Mike Twedt is extremely conscious of the lubrication products and procedures his field technicians use. Twedt is the eastern region equipment manager for Minnesota Limited, an infrastructure construction firm that builds pipelines, and he says projects are usually under the scrutiny of environmental agencies. He manages about 1,500 pieces of equipment.
Contamination control is a double-ended job that focuses on keeping contaminants out of the lubricants, as well as keeping used lube products out of the job site, he says. With the advantage of military training, Twedt is meticulous and provides his mechanics and technicians strong leadership.
“They all have a solid understanding of the environmental concerns the company’s customers demand and put extra effort into making sure they work clean,” Twedt says.
For example, potential spills are headed off with the use of high-pressure quick couplers for hydraulic fluids. Twedt also takes into consideration where his fleet’s equipment will work and where it might later be transported.
“The areas we work in are mountainous, which makes the engine work harder, so maintaining fluid pressure is important,” he says. “We rely on fluid sampling to monitor our oil performance.” Twedt says less oil is required on flat land jobs, but more is needed on mountain work, so simply routinely topping off fluids doesn’t address the demands of the working environment.
When it comes time to transport a vehicle from a steep angled hill, Twedt will instruct his techs to add a bit more oil before the machine is winched and loaded. He does this to ensure there is enough oil in it to function properly in case some of the fluid drained to one side while it was parked at a 45-degree angle on the mountainside.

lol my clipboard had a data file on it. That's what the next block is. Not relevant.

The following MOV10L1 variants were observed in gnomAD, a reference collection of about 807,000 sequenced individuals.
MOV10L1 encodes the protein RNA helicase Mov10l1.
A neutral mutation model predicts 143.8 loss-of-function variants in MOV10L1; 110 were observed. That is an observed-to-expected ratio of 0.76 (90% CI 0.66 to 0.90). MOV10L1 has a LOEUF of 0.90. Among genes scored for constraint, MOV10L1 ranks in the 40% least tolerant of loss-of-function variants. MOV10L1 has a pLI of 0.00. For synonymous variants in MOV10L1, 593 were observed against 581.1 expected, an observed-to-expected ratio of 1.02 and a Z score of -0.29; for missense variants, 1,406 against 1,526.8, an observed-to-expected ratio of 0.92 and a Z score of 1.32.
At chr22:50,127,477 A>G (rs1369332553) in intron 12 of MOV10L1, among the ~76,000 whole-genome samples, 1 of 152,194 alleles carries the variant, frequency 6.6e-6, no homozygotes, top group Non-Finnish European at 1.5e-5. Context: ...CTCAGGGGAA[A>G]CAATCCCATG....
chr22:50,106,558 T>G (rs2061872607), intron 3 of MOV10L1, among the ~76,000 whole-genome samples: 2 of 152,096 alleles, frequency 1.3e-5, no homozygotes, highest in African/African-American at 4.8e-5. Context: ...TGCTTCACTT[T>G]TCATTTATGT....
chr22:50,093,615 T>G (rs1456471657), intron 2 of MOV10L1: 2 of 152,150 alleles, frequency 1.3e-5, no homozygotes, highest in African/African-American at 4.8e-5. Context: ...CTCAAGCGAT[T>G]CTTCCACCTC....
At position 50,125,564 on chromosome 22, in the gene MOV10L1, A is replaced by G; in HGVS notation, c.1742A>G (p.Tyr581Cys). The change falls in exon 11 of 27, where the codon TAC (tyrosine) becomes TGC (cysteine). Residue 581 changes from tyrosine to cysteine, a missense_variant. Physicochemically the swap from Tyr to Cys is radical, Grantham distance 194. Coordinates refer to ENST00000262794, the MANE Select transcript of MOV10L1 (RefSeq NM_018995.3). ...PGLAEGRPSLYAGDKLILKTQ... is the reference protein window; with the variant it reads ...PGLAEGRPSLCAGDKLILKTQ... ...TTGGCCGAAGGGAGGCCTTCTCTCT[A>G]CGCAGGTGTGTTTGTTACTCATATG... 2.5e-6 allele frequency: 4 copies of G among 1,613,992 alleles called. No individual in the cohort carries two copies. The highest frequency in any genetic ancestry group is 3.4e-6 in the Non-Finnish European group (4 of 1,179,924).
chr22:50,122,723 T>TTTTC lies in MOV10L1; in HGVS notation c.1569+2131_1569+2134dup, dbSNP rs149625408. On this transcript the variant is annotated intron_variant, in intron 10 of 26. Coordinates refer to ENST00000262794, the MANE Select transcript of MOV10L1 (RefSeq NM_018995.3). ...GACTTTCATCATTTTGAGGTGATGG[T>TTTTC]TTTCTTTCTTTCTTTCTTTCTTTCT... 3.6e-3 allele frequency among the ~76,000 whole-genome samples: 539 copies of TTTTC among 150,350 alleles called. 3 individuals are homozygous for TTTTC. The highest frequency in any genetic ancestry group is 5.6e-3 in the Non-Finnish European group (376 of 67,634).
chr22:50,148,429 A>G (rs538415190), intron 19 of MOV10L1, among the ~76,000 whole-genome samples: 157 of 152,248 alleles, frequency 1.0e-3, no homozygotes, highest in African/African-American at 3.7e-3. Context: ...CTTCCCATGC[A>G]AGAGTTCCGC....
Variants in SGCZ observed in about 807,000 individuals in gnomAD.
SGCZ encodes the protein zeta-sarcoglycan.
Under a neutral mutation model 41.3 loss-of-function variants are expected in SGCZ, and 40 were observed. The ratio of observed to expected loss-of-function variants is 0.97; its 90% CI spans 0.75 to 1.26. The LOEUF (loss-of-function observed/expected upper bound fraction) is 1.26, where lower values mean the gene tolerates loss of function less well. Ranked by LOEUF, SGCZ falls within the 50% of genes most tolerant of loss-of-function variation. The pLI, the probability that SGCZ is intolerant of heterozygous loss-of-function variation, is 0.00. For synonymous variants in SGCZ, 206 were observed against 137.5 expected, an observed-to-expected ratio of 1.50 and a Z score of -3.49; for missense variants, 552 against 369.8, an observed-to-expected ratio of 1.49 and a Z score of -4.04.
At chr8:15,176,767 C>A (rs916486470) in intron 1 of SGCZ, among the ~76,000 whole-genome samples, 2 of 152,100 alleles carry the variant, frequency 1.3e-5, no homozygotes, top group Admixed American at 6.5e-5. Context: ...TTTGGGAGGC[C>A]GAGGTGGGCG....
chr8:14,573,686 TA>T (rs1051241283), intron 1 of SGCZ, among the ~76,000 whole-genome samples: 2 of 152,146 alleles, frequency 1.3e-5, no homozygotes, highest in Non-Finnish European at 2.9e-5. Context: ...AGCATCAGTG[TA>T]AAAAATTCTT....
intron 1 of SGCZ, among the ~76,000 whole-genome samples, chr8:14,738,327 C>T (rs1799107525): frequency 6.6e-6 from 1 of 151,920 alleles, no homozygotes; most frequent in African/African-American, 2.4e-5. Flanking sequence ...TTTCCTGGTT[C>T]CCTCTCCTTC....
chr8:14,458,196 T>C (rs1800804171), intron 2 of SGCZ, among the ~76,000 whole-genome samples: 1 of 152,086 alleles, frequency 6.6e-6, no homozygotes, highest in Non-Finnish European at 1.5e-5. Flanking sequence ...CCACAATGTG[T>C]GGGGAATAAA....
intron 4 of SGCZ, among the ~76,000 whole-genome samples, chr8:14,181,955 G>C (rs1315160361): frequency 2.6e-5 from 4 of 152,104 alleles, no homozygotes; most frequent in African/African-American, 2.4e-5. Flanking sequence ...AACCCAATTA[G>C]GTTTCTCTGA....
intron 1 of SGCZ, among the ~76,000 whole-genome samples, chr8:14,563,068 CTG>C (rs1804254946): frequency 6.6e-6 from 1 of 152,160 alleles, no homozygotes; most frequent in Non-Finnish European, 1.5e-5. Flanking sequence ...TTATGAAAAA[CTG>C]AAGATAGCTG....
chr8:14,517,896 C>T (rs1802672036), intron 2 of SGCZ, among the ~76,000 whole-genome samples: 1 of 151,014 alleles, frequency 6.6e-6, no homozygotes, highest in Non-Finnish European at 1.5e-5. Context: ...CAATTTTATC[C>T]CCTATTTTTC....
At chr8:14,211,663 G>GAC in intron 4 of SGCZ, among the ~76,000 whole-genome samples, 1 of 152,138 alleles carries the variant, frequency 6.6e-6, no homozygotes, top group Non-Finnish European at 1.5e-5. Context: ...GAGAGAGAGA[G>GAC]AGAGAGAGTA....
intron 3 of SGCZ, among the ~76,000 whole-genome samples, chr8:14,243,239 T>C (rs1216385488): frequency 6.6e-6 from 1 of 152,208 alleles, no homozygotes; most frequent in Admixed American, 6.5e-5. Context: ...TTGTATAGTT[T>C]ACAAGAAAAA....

Twedt credits the company’s proactive leadership, OEM support, and ongoing training for his crews’ buy-in with the lube program. “We gather the foremen, superintendents, and master mechanics each year to go over important things that have happened during the year. We change what needs to be changed and acknowledge achievement.”
Mobile lube equipment
In addition, innovation in field-service equipment is making field lube service and fluid-maintenance programs quicker, cleaner, and more efficient. Contractors looking for an alternative to a full-service truck or needing an auxiliary fuel and lube unit have several options.
Sage Oil Vac configures fuel and lube trailers, lube skids, and medium-duty truck bodies with a twist. Sage uses vacuum technology for its oil-exchange system instead of a mechanical pump.
Using compressed air, the Sage Oil Vac method creates a vacuum suction within the oil tanks for a fluid exchange rate of up to 10 to 15 gallons per minute. Sage’s no-pump vacuum technology eliminates pump maintenance and operates with a stand-alone air compressor or a truck-driven air compressor. Fluids are pulled from equipment directly into a sealed tank for hands-off storage. Thunder Creek Equipment offers custom-configured fuel and lube trailers that can be towed to the job site. Their modular design concept allows a contractor to start with an economical, DOT-approved trailer system and add generator/compressors, rear utility boxes, and DEF systems as needs require.